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The mission of our training and education programs as a fundamental benchmark is to help with the promotion and development of human rights and social justice in our local and global communities. The goal for our programs is to promote and contribute to the wellness and resiliency of individuals in the context of safe and healthy environments. IMCES is committed to providing training and education along with direct health, mental health, legal and supportive services in our local community. Our programs are structured to reach many layers of our community including the general public to help increase awareness and knowledge about health and mental health, and rights and responsibilities. We aim to reach students in the mental health professions to provide them with clinically, ethically, and culturally sound skills and sensitivity training, and to reach professionals in order to provide ongoing Continuing Education (CE) workshops to help update and enhance their knowledge and skills working with the ever changing target population.

IMCES provides Continuing Education (CE) workshops for professionals in mental health, health care, education, and legal fields such as:
 

  • Psychologists

  • Social Workers & Counselors

  • Marriage & Family Therapists

  • Doctors & Nurses

  • Judges & Attorneys

  • Teachers & Administrators

IMCES offers skills training and development as a means to enrich the lives of members within our community:
 

  • Life & Social Skills

  • Mediation Counseling

  • Drug & Alcohol Education

  • Parenting Skills Development

  • Domestic Violence Prevention

  • Training for Perpetrators

  • Anger Management & Violence Prevention Training

  • Social Responsibility Training

  • Employment Skills Development

  • Healthy Relationship Development

  • Wellness Skill Development

  • Yoga and Movement Group

IMCES provides the following Evidence Based Practice (EBP) training:
 

  • Trauma Focused Cognitive Behavior Therapy (TF-CBT)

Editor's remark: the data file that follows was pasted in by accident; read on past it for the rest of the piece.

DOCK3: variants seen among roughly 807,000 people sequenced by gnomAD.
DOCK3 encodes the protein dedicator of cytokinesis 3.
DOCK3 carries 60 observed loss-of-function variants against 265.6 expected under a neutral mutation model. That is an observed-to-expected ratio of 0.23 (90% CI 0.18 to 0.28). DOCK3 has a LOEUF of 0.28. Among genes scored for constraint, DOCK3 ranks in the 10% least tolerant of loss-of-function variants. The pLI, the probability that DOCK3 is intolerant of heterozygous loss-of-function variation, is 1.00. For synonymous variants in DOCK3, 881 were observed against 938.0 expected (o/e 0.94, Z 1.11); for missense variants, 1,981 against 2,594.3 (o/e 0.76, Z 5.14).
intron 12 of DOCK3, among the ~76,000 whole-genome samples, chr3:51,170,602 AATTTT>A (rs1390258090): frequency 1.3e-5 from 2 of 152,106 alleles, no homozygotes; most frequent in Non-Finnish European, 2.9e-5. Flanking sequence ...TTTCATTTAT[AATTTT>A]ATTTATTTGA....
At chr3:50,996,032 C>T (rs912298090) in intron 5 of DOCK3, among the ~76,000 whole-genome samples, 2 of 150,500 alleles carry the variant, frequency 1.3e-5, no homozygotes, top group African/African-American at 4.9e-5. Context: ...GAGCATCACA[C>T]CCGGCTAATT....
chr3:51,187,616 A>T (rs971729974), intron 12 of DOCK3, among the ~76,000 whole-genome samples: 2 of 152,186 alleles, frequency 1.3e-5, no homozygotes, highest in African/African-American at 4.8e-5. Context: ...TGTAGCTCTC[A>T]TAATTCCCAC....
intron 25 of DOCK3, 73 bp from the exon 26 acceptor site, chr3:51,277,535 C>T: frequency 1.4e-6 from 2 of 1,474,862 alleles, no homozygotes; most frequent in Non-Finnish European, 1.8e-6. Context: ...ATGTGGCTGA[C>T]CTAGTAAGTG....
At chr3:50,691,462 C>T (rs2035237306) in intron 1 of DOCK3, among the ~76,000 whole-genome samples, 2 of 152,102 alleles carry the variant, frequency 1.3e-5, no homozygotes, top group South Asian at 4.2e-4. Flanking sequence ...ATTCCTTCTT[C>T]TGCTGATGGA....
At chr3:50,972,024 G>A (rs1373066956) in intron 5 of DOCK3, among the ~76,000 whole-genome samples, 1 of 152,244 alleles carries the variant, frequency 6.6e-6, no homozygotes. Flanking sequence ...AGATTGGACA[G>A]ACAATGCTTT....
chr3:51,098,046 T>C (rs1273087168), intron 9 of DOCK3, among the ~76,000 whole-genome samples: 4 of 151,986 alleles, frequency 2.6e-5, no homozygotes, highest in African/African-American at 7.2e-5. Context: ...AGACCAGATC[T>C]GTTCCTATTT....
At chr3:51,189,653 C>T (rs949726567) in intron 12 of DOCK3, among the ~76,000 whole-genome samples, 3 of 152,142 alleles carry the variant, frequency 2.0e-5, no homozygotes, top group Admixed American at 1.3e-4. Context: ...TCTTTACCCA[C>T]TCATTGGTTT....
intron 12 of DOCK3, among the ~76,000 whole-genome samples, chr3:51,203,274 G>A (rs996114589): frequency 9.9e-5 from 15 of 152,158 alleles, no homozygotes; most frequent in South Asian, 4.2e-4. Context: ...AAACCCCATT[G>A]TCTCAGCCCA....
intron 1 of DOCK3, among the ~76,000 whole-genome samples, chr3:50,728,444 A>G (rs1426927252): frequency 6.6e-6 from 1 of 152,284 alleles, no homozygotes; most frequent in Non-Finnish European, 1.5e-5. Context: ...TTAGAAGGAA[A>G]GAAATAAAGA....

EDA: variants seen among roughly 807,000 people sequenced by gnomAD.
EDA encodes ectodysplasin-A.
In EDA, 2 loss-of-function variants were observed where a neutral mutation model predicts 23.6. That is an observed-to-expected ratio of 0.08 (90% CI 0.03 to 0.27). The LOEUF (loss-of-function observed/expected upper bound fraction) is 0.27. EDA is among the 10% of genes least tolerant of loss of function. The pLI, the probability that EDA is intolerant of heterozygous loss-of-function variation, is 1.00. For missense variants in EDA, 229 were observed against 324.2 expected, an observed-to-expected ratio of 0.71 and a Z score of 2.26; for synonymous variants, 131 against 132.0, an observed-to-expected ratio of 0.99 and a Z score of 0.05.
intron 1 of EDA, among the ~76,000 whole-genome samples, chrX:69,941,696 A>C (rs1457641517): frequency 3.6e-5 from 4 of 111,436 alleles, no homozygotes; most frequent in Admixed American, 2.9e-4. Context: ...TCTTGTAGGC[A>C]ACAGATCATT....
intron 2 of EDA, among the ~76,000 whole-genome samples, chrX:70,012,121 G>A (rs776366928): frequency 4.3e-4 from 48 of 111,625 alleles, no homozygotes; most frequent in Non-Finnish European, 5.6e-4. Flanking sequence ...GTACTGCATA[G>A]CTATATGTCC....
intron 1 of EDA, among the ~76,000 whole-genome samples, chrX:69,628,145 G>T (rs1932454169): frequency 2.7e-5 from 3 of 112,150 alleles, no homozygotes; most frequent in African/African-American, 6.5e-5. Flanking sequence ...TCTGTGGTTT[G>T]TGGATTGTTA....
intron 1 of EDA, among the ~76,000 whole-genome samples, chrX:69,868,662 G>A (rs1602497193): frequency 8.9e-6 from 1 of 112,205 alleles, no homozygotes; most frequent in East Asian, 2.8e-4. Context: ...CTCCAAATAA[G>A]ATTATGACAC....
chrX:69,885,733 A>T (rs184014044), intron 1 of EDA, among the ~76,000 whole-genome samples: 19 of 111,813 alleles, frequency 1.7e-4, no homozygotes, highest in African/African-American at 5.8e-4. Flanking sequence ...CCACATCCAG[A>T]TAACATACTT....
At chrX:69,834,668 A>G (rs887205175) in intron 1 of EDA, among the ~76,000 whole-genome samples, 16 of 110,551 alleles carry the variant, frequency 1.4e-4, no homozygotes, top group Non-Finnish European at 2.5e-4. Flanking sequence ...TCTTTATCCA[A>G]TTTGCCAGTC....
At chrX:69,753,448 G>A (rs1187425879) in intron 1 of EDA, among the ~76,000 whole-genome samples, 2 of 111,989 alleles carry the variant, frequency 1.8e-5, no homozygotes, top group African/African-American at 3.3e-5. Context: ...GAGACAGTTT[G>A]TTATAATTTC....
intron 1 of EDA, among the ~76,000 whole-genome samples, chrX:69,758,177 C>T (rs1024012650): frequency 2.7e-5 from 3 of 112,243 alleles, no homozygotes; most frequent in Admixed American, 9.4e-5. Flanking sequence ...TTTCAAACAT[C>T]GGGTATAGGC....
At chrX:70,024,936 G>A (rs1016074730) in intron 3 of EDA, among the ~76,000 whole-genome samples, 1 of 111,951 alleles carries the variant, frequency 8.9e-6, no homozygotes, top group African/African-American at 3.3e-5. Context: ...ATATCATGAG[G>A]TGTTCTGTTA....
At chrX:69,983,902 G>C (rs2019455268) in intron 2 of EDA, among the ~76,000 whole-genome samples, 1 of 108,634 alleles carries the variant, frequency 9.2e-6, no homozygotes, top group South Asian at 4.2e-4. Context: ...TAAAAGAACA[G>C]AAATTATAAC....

• Managing and Adapting Practice (MAP)

  • Seeking Safety

  • Motivational Interviewing

  • Substance Abuse

Periodic PSAs through media:

 

  • Public education seminars for ethnic and cultural groups.

  • Partnerships with community agencies to reduce disparity and stigma
    and facilitate access to health and wellness services.

  • Community Outreach and Engagement
     

Web based interactive learning offered in different languages:
Armenian, Farsi, Spanish, English 

 

Topics:

  • Anxiety

  • Depression

Education and Prevention Activities

  • PTSD

  • Sleep Disorders

Achieving a balance between mind and body is the foremost factor in defining our quality of life. Research supports that our emotional health affects our physical health. This includes how we handle the stresses of life events, financial resources, and relationships.

Sleep Disorders

More information can be found here

 

Chronic Fatigue Syndrome

More information can be found here

 

Eating Disorders

are a group of disorders in which the individual is consumed and preoccupied with regulation of their weight. There are three types of eating disorders: anorexia nervosa (starvation), bulimia (purging), and binge-eating (over-eating). All are attempts at regulating body weight through food consumption. Females are three times as likely to experience anorexia and bulimia during their life. Females are also 75% more likely to have a binge eating disorder. There is also a strong correlation between coexisting eating disorders in conjunction with binge-eating (for instance, a person who suffers from anorexia could also simultaneously suffer from binge-eating). More information can be found here.